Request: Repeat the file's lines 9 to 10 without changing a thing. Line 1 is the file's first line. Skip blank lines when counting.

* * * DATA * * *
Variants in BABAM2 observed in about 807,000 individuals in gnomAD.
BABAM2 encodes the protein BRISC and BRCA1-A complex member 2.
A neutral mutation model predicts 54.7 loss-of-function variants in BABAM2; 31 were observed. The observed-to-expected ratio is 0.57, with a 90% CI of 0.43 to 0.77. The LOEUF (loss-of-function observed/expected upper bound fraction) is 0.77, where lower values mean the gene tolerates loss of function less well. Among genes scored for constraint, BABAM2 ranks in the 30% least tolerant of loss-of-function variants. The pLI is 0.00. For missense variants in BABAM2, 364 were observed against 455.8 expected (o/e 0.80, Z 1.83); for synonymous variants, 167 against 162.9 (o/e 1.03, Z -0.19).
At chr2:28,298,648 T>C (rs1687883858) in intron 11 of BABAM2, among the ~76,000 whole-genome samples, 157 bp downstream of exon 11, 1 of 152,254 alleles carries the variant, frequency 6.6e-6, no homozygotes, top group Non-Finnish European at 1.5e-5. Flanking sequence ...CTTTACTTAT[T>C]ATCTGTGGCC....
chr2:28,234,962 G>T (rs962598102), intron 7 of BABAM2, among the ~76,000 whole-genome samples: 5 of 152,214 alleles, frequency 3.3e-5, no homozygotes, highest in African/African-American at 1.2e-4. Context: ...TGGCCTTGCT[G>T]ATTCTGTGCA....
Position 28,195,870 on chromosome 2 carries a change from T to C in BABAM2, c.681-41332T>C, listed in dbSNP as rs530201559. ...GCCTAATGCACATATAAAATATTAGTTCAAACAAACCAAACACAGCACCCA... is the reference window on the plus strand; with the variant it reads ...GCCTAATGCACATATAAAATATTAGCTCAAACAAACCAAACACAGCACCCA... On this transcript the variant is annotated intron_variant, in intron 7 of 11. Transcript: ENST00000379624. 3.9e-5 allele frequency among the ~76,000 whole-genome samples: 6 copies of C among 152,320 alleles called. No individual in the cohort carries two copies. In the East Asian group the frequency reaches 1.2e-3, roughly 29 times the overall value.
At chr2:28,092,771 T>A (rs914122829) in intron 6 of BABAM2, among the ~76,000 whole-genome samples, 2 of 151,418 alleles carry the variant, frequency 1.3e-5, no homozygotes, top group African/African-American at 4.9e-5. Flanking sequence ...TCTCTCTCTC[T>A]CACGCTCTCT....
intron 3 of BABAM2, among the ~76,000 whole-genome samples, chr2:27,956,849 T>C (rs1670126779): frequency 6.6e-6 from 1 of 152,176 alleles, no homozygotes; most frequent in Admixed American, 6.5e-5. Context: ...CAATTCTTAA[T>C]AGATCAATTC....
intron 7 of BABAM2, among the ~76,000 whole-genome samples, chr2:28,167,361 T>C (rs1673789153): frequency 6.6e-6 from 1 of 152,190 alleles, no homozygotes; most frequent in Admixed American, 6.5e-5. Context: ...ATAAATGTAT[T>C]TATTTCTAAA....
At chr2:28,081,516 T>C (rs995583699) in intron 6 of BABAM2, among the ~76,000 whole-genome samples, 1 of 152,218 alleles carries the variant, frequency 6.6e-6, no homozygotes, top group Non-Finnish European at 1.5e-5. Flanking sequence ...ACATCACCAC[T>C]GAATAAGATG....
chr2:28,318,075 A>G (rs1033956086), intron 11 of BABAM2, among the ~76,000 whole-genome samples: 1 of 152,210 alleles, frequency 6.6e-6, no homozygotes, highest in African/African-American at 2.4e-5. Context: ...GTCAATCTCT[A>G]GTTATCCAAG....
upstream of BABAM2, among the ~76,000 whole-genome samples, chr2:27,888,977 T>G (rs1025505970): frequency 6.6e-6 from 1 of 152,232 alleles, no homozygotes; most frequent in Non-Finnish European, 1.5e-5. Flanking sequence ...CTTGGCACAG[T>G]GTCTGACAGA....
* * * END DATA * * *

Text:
intron 7 of BABAM2, among the ~76,000 whole-genome samples, chr2:28,167,361 T>C (rs1673789153): frequency 6.6e-6 from 1 of 152,190 alleles, no homozygotes; most frequent in Admixed American, 6.5e-5. Context: ...ATAAATGTAT[T>C]TATTTCTAAA....
At chr2:28,081,516 T>C (rs995583699) in intron 6 of BABAM2, among the ~76,000 whole-genome samples, 1 of 152,218 alleles carries the variant, frequency 6.6e-6, no homozygotes, top group Non-Finnish European at 1.5e-5. Flanking sequence ...ACATCACCAC[T>C]GAATAAGATG....